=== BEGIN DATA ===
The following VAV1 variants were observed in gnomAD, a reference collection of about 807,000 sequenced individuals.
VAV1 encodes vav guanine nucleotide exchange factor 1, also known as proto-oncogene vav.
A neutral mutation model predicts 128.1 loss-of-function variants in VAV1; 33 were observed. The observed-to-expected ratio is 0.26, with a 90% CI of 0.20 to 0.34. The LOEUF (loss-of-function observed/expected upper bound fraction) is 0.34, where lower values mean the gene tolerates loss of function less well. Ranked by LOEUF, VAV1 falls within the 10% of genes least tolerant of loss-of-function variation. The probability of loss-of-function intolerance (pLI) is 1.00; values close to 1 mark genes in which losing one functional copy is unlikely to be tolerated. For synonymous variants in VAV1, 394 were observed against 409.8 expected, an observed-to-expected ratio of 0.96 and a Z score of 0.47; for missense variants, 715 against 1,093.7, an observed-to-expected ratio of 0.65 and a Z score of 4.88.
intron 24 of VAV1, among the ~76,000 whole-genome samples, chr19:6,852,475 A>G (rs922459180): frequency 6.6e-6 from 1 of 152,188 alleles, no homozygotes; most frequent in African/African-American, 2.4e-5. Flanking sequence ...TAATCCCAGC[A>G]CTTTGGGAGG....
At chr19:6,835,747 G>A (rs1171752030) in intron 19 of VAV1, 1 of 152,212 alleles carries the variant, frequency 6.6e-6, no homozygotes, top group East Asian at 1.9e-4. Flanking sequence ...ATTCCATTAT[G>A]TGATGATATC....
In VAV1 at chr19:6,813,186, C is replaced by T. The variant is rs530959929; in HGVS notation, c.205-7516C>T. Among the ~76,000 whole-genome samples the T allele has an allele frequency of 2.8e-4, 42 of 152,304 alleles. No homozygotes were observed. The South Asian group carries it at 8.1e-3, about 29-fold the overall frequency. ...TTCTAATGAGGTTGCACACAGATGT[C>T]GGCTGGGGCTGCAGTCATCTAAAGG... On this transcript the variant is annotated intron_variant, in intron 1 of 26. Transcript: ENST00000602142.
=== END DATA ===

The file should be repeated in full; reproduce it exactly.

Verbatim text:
The following VAV1 variants were observed in gnomAD, a reference collection of about 807,000 sequenced individuals.
VAV1 encodes vav guanine nucleotide exchange factor 1, also known as proto-oncogene vav.
A neutral mutation model predicts 128.1 loss-of-function variants in VAV1; 33 were observed. The observed-to-expected ratio is 0.26, with a 90% CI of 0.20 to 0.34. The LOEUF (loss-of-function observed/expected upper bound fraction) is 0.34, where lower values mean the gene tolerates loss of function less well. Ranked by LOEUF, VAV1 falls within the 10% of genes least tolerant of loss-of-function variation. The probability of loss-of-function intolerance (pLI) is 1.00; values close to 1 mark genes in which losing one functional copy is unlikely to be tolerated. For synonymous variants in VAV1, 394 were observed against 409.8 expected, an observed-to-expected ratio of 0.96 and a Z score of 0.47; for missense variants, 715 against 1,093.7, an observed-to-expected ratio of 0.65 and a Z score of 4.88.
intron 24 of VAV1, among the ~76,000 whole-genome samples, chr19:6,852,475 A>G (rs922459180): frequency 6.6e-6 from 1 of 152,188 alleles, no homozygotes; most frequent in African/African-American, 2.4e-5. Flanking sequence ...TAATCCCAGC[A>G]CTTTGGGAGG....
At chr19:6,835,747 G>A (rs1171752030) in intron 19 of VAV1, 1 of 152,212 alleles carries the variant, frequency 6.6e-6, no homozygotes, top group East Asian at 1.9e-4. Flanking sequence ...ATTCCATTAT[G>A]TGATGATATC....
In VAV1 at chr19:6,813,186, C is replaced by T. The variant is rs530959929; in HGVS notation, c.205-7516C>T. Among the ~76,000 whole-genome samples the T allele has an allele frequency of 2.8e-4, 42 of 152,304 alleles. No homozygotes were observed. The South Asian group carries it at 8.1e-3, about 29-fold the overall frequency. ...TTCTAATGAGGTTGCACACAGATGT[C>T]GGCTGGGGCTGCAGTCATCTAAAGG... On this transcript the variant is annotated intron_variant, in intron 1 of 26. Transcript: ENST00000602142.